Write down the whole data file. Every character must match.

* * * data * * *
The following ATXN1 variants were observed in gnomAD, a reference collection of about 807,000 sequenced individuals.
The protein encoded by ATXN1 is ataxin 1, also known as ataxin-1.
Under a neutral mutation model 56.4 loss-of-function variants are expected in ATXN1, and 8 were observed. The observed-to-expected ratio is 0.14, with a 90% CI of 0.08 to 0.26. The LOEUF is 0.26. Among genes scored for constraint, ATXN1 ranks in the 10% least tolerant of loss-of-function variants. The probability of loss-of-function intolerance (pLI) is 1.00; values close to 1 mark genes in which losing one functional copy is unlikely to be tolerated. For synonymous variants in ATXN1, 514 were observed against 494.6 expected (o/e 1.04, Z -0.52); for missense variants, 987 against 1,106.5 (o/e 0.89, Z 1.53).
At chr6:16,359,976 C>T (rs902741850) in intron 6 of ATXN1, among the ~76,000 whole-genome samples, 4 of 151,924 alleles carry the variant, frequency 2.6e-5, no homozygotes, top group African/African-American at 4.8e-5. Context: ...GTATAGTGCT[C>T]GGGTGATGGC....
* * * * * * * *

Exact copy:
The following ATXN1 variants were observed in gnomAD, a reference collection of about 807,000 sequenced individuals.
The protein encoded by ATXN1 is ataxin 1, also known as ataxin-1.
Under a neutral mutation model 56.4 loss-of-function variants are expected in ATXN1, and 8 were observed. The observed-to-expected ratio is 0.14, with a 90% CI of 0.08 to 0.26. The LOEUF is 0.26. Among genes scored for constraint, ATXN1 ranks in the 10% least tolerant of loss-of-function variants. The probability of loss-of-function intolerance (pLI) is 1.00; values close to 1 mark genes in which losing one functional copy is unlikely to be tolerated. For synonymous variants in ATXN1, 514 were observed against 494.6 expected (o/e 1.04, Z -0.52); for missense variants, 987 against 1,106.5 (o/e 0.89, Z 1.53).
At chr6:16,359,976 C>T (rs902741850) in intron 6 of ATXN1, among the ~76,000 whole-genome samples, 4 of 151,924 alleles carry the variant, frequency 2.6e-5, no homozygotes, top group African/African-American at 4.8e-5. Context: ...GTATAGTGCT[C>T]GGGTGATGGC....